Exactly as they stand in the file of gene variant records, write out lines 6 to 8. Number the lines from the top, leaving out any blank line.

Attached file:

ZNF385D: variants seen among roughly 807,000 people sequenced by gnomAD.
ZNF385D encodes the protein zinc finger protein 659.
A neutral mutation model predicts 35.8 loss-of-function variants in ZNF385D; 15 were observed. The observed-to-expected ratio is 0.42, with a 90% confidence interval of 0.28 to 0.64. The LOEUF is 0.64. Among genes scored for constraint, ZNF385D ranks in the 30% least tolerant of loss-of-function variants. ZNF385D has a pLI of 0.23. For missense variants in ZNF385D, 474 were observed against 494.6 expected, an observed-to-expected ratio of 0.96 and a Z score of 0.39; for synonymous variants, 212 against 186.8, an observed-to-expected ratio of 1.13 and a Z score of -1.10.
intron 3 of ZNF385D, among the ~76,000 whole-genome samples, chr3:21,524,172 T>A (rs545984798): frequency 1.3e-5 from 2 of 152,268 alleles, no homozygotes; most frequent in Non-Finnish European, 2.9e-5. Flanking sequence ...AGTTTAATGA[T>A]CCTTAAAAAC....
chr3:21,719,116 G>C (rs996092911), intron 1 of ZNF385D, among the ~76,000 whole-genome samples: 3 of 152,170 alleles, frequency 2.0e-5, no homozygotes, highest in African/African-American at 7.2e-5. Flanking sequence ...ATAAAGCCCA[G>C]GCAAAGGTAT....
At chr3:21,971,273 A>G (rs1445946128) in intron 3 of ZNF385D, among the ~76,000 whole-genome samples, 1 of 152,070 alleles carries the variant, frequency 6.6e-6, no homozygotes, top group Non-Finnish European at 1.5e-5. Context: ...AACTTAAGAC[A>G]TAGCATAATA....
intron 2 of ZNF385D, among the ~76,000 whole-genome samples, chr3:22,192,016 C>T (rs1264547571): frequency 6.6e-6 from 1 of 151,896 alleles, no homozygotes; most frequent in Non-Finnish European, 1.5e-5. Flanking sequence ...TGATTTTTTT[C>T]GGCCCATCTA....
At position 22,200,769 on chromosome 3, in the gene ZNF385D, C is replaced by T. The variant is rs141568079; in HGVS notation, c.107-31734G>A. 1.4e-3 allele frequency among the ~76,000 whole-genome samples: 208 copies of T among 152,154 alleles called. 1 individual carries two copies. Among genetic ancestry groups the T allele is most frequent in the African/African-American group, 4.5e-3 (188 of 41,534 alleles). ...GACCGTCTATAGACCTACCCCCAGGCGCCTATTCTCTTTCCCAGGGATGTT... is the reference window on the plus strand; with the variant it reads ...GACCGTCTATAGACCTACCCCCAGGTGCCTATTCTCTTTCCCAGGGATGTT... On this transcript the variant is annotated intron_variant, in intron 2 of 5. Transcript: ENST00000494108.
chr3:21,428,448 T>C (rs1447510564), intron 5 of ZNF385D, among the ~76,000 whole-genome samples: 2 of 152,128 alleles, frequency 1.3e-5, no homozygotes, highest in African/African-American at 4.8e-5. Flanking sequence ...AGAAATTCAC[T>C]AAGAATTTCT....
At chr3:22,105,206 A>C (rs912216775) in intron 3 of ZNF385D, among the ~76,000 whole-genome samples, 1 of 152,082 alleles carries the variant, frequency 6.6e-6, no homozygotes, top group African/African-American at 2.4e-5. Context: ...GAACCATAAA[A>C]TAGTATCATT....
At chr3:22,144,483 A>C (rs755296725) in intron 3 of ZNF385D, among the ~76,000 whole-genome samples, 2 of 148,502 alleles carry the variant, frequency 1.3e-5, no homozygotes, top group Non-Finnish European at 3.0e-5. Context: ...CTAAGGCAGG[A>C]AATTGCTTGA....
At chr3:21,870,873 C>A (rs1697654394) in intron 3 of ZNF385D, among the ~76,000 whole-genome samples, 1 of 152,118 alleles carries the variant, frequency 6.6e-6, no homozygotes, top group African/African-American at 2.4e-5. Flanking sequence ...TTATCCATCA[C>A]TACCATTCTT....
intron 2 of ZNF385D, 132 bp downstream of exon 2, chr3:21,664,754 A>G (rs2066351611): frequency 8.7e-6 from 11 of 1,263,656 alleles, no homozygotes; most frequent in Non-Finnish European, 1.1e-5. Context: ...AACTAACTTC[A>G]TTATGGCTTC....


At chr3:21,971,273 A>G (rs1445946128) in intron 3 of ZNF385D, among the ~76,000 whole-genome samples, 1 of 152,070 alleles carries the variant, frequency 6.6e-6, no homozygotes, top group Non-Finnish European at 1.5e-5. Context: ...AACTTAAGAC[A>G]TAGCATAATA....
intron 2 of ZNF385D, among the ~76,000 whole-genome samples, chr3:22,192,016 C>T (rs1264547571): frequency 6.6e-6 from 1 of 151,896 alleles, no homozygotes; most frequent in Non-Finnish European, 1.5e-5. Flanking sequence ...TGATTTTTTT[C>T]GGCCCATCTA....
At position 22,200,769 on chromosome 3, in the gene ZNF385D, C is replaced by T. The variant is rs141568079; in HGVS notation, c.107-31734G>A. 1.4e-3 allele frequency among the ~76,000 whole-genome samples: 208 copies of T among 152,154 alleles called. 1 individual carries two copies. Among genetic ancestry groups the T allele is most frequent in the African/African-American group, 4.5e-3 (188 of 41,534 alleles). ...GACCGTCTATAGACCTACCCCCAGGCGCCTATTCTCTTTCCCAGGGATGTT... is the reference window on the plus strand; with the variant it reads ...GACCGTCTATAGACCTACCCCCAGGTGCCTATTCTCTTTCCCAGGGATGTT... On this transcript the variant is annotated intron_variant, in intron 2 of 5. Transcript: ENST00000494108.